Digital Negatives w/ Canon Pixma Pro 100

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I’ve been surprised to find such little information about making digital negatives with this printer, as it’s been such a popular printer for so long (almost a decade?).  I recently purchased one with its holiday rebate that dropped its price to $150 with a large box of paper, with the intention of printing digital negatives.

After testing, I would much rather have purchased a printer that uses pigment based inks, preferably an Epson printer compatible with QTR.  But this printer can produce negatives with enough UV light blocking capability for processes like cyanotypes, gum bichromate, and collotype printing.  I have yet to test its output with more demanding processes.  It seems somewhat doubtful as evidence of exposure can be seen under the most opaque areas of the negative with cyanotype (although those areas clear during washing).

But for those who already own this printer, or can’t afford a higher end printer, these are the settings which I found produces an appropriate negative for cyanotype printing.  It follows Christina Z Anderson’s Digital Negative instructions on Freestyle Photo’s website.  (I’ve tested Dan Burkholder’s old colorized negative technique, but I find this method uses too much cyan and magenta inks in the midtones that results an unpleasant grainy texture.)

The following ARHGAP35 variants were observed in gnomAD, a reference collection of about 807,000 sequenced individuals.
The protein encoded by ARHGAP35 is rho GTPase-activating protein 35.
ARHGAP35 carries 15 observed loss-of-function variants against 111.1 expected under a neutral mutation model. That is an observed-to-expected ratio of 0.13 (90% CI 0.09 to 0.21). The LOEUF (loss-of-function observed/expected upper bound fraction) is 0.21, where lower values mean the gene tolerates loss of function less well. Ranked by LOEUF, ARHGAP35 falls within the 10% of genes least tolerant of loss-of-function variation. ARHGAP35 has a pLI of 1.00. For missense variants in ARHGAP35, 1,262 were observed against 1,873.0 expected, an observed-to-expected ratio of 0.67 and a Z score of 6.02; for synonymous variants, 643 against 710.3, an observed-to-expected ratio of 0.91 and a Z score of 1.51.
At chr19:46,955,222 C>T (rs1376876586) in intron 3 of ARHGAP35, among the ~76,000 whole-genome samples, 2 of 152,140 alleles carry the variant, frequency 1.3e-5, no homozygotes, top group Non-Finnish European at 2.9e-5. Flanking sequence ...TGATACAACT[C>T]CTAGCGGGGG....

The setting below utilize more yellow and light gray inks that produces much smoother separations. In the main print menu, select Glossy II and the highest quality (1) setting. Below are the settings for manual color adjustments.

I use Precision Colors Refillable inks, so I use their Printing Profile.

For linearization, I prefer this 101 step scale from Peter Mrhar’s website. I stretched it to fit as large as possible on a scrap sheet of transparency. I prefer this step scale because it is easy to determine the darkest tone of the negative, by covering the 10-row with a ruler and looking for distinctions of the gaps between the blocks in the 0 row begin. In my case, the line between the 6th and 7th blocks is not visible, but it is visible between the 7th and 8th blocks. Therefore, the maximum tone of the negative needed is the tone of the 7th block, which translates to 237 on the photoshop light curve.

The curve that linearizes a negative for cyanotype printing needs to be lower than the -50 contrast setting of the printer.

For convenience, I only flip and invert the image in the Output menu of the main print settings. This is done by checking Negative, Emulsion Down and choose a background color 0,0,0 RGB. You may add a masking border and registration marks in this dialog box if needed.

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